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What Is Laravel and Why Should You Care?

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What Is Laravel and Why Should You Care?

If you haven’t heard of Laravel before and you’ve been developing websites and web applications, then I’m about to rock your world.

· Web Dev Zone ·
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Laravel is a PHP framework that will drastically improve your productivity. It has been around for quite some time. The first version was released in June of 2011. However, the founder, Taylor Otwell, and his crew are actively improving it.

The latest version (5.7), only came out in September of 2018. It runs on PHP 7.1.3 and above. It follows the MVC (Model-View-Controller) pattern which allows for a much-needed separation of concerns in our web applications.

I will describe a few of the most important features present in Laravel and hopefully, I will convince you to give it a try. There's nothing to lose (except maybe one of your evenings filled with Netflix) and so much to be gained.

Features

Laravel’s most important features (in my opinion) are as follows.

Eloquent ORM (Object-Relational Mapping)

PHP’s implementation of the active record pattern. In simple terms, this pattern allows us to present database tables as classes. Instances of this class are tied to each row in the table. A bit confused? All this means is that you can define a class, e.g. User, which will be tied to the “users” table in your database. Each row in the “users” table is then represented as an instance of the User class. Simple.

class User extends Authenticatable
{
    use Notifiable;

    /**
     * The attributes that are mass assignable.
     *
     * @var array
     */
    protected $fillable = [
        'name', 'email', 'password',
    ];

    /**
     * The attributes that should be hidden for arrays.
     *
     * @var array
     */
    protected $hidden = [
        'password', 'remember_token',
    ];
}

Then to find a user in the database you can simply call User::find(1); where 1 is the unique id of the row in the users table. Eloquent obviously allows for more complex select queries.

Views With Blade

Views contain all of the HTML “code” served by your application. That way you don’t ever have to combine the business logic with the presentation layer. Views support Blade templating engine which allows you to write reusable pieces of HTML code as well as generic layout files. It becomes very useful when certain pages of your application consist of the same components, e.g. a footer. Here’s an example, as today we’re all about examples:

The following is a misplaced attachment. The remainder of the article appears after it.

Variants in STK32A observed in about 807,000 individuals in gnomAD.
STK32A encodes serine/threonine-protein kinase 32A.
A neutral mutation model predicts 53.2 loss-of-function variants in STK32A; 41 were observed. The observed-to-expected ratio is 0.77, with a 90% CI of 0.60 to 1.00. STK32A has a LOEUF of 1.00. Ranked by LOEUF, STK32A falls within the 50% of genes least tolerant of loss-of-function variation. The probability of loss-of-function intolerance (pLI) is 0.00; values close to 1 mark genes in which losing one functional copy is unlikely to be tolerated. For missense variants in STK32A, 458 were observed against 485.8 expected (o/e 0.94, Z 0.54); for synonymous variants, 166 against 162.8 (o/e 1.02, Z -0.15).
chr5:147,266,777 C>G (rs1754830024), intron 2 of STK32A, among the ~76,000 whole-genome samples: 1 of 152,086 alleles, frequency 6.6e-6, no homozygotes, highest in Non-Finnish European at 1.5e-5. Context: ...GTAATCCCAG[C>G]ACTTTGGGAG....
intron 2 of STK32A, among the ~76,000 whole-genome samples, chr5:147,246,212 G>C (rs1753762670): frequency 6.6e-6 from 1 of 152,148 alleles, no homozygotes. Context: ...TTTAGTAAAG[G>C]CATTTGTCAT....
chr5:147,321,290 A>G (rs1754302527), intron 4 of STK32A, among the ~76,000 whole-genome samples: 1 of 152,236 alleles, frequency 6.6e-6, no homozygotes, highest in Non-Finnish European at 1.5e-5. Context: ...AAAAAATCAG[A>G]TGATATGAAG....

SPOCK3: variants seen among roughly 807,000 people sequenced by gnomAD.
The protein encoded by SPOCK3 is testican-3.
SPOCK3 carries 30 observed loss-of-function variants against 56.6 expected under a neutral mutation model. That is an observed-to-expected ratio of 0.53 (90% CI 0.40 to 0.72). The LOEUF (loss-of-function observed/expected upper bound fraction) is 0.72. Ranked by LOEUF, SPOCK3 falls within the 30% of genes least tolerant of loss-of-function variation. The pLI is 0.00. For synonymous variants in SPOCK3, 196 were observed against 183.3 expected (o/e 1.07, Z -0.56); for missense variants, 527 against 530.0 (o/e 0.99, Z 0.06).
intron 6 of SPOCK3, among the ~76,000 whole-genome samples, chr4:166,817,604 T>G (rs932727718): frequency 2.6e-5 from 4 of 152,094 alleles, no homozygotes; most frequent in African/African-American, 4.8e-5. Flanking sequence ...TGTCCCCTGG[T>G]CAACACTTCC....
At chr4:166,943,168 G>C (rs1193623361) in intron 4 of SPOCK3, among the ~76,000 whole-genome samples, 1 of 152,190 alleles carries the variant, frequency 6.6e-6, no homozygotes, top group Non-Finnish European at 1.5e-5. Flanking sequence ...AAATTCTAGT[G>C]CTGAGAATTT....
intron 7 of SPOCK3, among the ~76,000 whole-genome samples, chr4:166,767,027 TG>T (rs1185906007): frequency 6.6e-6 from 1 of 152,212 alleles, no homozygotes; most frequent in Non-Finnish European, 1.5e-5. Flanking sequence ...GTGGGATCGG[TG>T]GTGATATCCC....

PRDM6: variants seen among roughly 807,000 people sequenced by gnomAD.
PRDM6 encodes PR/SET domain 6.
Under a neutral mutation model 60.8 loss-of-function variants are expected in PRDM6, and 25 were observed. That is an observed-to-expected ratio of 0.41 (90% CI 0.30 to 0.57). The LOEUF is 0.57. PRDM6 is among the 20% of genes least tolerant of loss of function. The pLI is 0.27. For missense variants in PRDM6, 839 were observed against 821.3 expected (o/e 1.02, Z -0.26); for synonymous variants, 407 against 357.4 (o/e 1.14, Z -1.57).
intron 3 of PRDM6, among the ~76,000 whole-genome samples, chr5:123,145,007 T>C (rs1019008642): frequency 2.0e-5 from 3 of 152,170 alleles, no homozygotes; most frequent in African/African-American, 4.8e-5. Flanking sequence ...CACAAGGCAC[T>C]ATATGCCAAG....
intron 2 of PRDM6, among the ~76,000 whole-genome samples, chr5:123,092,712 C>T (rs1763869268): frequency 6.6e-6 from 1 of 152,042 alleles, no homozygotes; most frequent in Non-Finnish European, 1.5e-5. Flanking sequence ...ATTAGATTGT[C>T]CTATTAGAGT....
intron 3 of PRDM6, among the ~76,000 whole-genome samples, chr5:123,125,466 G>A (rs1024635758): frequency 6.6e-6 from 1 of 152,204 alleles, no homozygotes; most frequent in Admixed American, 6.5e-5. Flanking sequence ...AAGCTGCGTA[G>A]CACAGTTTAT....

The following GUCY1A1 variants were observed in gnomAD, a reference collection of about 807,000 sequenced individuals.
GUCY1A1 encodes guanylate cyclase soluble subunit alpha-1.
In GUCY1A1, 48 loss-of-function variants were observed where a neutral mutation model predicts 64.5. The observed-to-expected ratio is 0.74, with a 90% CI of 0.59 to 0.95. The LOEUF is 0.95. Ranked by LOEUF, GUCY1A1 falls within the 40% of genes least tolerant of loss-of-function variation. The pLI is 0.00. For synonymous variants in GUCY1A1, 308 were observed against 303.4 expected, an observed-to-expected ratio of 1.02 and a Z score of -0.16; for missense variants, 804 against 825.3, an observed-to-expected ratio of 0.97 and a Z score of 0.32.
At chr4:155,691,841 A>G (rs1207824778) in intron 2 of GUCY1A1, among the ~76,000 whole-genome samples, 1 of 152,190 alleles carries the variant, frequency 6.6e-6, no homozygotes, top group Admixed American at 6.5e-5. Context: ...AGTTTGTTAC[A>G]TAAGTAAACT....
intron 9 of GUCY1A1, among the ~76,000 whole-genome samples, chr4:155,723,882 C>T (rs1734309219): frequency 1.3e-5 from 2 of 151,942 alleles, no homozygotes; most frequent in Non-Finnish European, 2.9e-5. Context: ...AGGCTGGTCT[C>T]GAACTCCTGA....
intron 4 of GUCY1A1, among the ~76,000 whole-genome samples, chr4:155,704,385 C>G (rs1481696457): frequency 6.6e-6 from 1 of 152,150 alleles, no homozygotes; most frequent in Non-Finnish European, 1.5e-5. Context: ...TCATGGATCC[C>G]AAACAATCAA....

@extends('layouts.app')

@section('title', 'Page Title')

@section('sidebar')
    @parent

    <p>This is appended to the master sidebar.</p>
@endsection

@section('content')
    <p>This is my body content.</p>
@endsection

It's important to note that Blade templates must be saved with a .blade.php extension.

Controllers

Controllers allow for the grouping of related request handling logic into a single class.

<?php

namespace App\Http\Controllers;

use App\User;
use App\Http\Controllers\Controller;

class UserController extends Controller
{
    /**
     * Show the profile for the given user.
     *
     * @param  int  $id
     * @return View
     */
    public function show($id)
    {
        return view('user.profile', ['user' => User::findOrFail($id)]);
    }
}

Routing

A very simple routing mechanism with all the routes conveniently listed in one file is present. You can naturally have multiple files if you wish, especially if you have a bigger application that supports an API. Here’s an example of a route definition.

Route::get('profiles', ‘UserController@getProfiles');

Then you can use this route anywhere in any of your HTML forms (using Blade).

<form method="GET" action="/profiles">
    @csrf
    ...
</form>

Upon submission of this form, the routing mechanism will recognize the route and execute the code specified in the definition. In this case, Laravel will look for the UserController class and the getProfiles method.

As a bonusl, by adding the@csrf annotation to the form, you protect your system from Cross-Site Request Forgery (CSRF) attacks.

Simple Authentication

Have you implemented a complete authentication mechanism with registration and login and then forgotten the password functionality in 10 seconds? No problem. Just run those two simple commands: 

  • php artisan make:auth

  • php artisan migrate 

Most web applications must implement an authentication system but why reinvent the wheel? With Laravel it comes for free.

Conclusion

There are many benefits to implementing web applications with Laravel but first and foremost it will save you a lot of time.

The key features I've highlighted today are as follows:

  • Eloquent ORM

  • Blade Templating

  • Controllers

  • Nice Routing

  • Super quick authentication mechanism.

But there's so much more!

A huge amount of resources for beginners and a kick-ass documentation is also at your disposal. An amazing community of developers should also be mentioned. You can get started with Laravel and find out more here.

Happy coding!

Take a look at an Indigo.Design sample application to learn more about how apps are created with design to code software.

Topics:
laravel framework php ,web dev ,web application security ,web application development

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